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Nancy S. Dickinson, MSSW, PhD The Use of Evidence in Child Welfare Practice and Policy: An International Perspective on Future Directions Jerusalem, May.

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Presentation on theme: "Nancy S. Dickinson, MSSW, PhD The Use of Evidence in Child Welfare Practice and Policy: An International Perspective on Future Directions Jerusalem, May."— Presentation transcript:

1 Nancy S. Dickinson, MSSW, PhD The Use of Evidence in Child Welfare Practice and Policy: An International Perspective on Future Directions Jerusalem, May 27, 2010 The Role of Staff Development in Supporting Implementation of Evidence Informed Practices A Service of the Children’s Bureau, a Member of the T/TA Network

2 Presentation  Impact of child welfare worker turnover on children, youth and families  What research tells us about retention of child welfare staff  Evidence-informed retention practices

3 A Service of the Children’s Bureau, a Member of the T/TA Network Impact of Turnover on Families and Children  Delay in timely investigations which can be detrimental to the child at risk (US GAO, 2003)  Significantly longer stays in foster care (Flower, McDonald, & Sumski, 2005; Ryan et al., 2006)  Higher rates of foster care re-entry (Hess, Folaran, & Jefferson, 1992)  Relationship between turnover and recurrence of child maltreatment (NCCD, 2006)

4 © Fixsen & Blase, 2008 Performance Assessment Coaching Training Selection Systems Intervention Facilitative Administration Decision Support Data System Adaptive Technical Integrated & Compensatory Competency Drivers Organization Drivers Leadership Improved outcomes for children and families Graphics by Steve Goodman,2009 Implementation Drivers

5 A Service of the Children’s Bureau, a Member of the T/TA Network CW Retention Research

6 A Service of the Children’s Bureau, a Member of the T/TA Network Organizational Conditions and Retention 1.Supervision (Alwon & Reitz, 2000; Bernotavicz, 1997: Dickinson & Perry, 2002; Ellett, 2000; GAO, 2003; Harrison, 1995; Landsman, 2001; McCarthy, 2003; Rycraft, 1994; Samantrai, 1992; Smith, 2005) Also supported in work of the R&R grantees. 2.Organizational climate (AECF, 2003; Cahalane & Sites, 2004; Ellett et al., 2003; Glisson & Hemmelgarn, 1998; Hopkins et al., 1999; Keefe, 2003; Kleinpeter et al., 2003; Lewandowski, 1998; McCarthy, 2003; Nissly et al., 2005; Scannapieco & Connell-Carrick, 2003) Also supported in the work of the R&R grantees.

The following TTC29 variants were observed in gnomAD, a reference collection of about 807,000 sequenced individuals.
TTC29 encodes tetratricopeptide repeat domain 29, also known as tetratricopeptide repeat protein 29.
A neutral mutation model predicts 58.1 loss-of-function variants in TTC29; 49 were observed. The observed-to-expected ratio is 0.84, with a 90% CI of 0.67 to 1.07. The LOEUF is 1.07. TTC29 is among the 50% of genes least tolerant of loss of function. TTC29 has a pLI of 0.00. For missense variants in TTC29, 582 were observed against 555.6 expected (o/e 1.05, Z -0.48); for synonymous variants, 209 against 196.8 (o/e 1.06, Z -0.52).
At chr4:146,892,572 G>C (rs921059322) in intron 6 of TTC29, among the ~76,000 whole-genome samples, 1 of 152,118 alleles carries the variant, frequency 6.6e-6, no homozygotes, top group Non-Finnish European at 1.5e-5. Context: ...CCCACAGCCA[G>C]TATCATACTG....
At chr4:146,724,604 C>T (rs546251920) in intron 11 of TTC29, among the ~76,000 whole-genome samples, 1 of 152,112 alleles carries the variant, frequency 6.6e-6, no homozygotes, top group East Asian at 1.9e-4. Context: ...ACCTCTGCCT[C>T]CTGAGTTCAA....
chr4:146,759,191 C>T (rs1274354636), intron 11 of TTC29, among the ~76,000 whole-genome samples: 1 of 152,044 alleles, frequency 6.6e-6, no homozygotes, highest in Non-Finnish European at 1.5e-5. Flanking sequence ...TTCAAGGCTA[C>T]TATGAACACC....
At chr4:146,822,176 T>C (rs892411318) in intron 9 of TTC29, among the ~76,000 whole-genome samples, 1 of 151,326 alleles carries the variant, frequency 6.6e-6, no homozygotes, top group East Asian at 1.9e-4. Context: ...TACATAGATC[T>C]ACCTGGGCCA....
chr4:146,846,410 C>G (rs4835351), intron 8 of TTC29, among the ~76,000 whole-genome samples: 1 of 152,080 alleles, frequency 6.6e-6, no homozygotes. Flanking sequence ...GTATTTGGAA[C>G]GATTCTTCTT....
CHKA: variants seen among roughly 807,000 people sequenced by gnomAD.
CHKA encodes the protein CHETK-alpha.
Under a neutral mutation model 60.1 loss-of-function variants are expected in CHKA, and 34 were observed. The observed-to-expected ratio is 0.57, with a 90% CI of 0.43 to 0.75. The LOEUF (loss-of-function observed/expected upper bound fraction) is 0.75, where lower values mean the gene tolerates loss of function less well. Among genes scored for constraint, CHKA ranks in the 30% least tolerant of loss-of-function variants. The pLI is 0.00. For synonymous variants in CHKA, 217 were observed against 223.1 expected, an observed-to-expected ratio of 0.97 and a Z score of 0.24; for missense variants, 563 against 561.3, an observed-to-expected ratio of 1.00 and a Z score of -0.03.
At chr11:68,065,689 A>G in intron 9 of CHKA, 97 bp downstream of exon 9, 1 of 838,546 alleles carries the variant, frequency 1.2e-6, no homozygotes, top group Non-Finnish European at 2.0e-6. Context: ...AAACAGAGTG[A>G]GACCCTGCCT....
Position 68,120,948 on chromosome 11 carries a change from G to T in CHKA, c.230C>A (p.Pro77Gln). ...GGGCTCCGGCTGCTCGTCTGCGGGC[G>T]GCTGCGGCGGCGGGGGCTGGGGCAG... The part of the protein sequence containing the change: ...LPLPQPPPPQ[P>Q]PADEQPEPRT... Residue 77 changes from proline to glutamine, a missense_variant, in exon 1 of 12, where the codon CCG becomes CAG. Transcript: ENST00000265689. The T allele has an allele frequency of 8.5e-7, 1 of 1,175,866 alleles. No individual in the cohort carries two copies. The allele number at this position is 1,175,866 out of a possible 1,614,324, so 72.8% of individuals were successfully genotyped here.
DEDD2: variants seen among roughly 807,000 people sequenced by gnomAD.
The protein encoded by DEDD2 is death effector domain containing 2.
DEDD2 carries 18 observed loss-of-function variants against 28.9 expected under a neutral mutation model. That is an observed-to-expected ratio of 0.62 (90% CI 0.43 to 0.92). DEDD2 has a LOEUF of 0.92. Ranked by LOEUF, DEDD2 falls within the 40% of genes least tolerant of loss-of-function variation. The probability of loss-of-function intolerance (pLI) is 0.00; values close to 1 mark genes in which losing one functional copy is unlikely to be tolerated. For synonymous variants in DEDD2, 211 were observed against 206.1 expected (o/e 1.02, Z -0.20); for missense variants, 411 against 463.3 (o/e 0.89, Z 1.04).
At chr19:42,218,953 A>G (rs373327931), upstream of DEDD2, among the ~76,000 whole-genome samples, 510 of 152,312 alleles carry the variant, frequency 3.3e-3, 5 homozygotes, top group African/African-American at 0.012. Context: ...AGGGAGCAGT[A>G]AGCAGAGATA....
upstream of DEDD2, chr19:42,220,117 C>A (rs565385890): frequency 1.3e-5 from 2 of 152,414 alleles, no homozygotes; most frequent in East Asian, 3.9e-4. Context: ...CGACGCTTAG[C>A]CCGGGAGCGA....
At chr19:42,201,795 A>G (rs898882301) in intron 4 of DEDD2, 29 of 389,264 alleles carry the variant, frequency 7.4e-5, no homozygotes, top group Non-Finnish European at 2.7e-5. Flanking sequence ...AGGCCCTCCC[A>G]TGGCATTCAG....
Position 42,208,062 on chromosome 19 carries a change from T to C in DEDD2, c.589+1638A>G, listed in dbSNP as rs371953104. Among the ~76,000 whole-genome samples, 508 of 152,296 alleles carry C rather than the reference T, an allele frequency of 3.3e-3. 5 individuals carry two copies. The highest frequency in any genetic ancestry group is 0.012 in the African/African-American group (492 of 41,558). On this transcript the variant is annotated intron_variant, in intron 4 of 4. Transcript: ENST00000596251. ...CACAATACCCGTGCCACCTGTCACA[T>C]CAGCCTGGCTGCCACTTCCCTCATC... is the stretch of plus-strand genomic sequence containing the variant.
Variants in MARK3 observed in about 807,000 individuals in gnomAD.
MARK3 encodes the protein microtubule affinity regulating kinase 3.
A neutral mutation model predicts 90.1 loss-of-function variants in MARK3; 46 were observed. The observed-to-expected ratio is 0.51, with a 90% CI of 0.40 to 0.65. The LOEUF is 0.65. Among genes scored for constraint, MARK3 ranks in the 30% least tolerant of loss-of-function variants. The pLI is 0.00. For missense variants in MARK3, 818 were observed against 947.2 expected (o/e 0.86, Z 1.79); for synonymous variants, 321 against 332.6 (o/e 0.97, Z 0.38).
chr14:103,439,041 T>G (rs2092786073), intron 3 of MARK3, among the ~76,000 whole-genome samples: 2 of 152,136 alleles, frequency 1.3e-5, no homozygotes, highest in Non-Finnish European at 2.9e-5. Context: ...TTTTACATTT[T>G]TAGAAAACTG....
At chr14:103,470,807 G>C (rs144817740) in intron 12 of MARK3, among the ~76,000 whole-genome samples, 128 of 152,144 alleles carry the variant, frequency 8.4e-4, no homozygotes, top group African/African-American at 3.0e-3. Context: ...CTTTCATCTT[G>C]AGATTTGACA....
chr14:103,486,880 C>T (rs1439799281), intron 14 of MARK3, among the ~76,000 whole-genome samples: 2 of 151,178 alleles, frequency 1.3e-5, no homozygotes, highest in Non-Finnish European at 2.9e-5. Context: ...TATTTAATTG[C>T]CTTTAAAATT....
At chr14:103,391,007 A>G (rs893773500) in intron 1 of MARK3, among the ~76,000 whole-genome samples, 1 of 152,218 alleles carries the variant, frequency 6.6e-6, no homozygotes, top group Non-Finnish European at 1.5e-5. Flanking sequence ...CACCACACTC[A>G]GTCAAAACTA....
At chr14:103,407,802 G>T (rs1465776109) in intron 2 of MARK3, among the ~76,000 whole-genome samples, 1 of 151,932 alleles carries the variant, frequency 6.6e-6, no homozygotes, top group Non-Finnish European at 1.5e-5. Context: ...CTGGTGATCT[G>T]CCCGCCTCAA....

7 Supervision as a Retention Tool  Good supervision is the most important factor (Zlotnik et al., 2005)  Quantity of supervision influences job satisfaction (Barth et al., 2007)  Quality of supervision counts (Dickinson & Perry, 2002)  Fostering on-the-job learning –Peer mentoring –Supervisory coaching A Service of the Children’s Bureau, a Member of the T/TA Network

8 Organizational Climate  Staff who stay –Understand the agency’s mission and feel valued as contributors to that mission (Keefe, 2003; Rycraft, 1994; Michigan State, 2008; University of North Carolina, 2008) –Feel part of a learning organization (Fordham University, 2008 –Experience clear expectations and measurable performance objectives (Annie E. Casey Foundation, 2003)

9 A Service of the Children’s Bureau, a Member of the T/TA Network Organizational Climate  Staff who stay –Perceive opportunities for advancement (Denver University; University of Southern Maine, 2008) –Perceive recognition and rewards for performance (Child Welfare Training Institute, 1997; University of North Carolina, 2008) –Feel respected as individual staff members (Landsman, 2001)

10 A Service of the Children’s Bureau, a Member of the T/TA Network Organizational Climate and Retention  Mission Driven  Performance Based  Affirming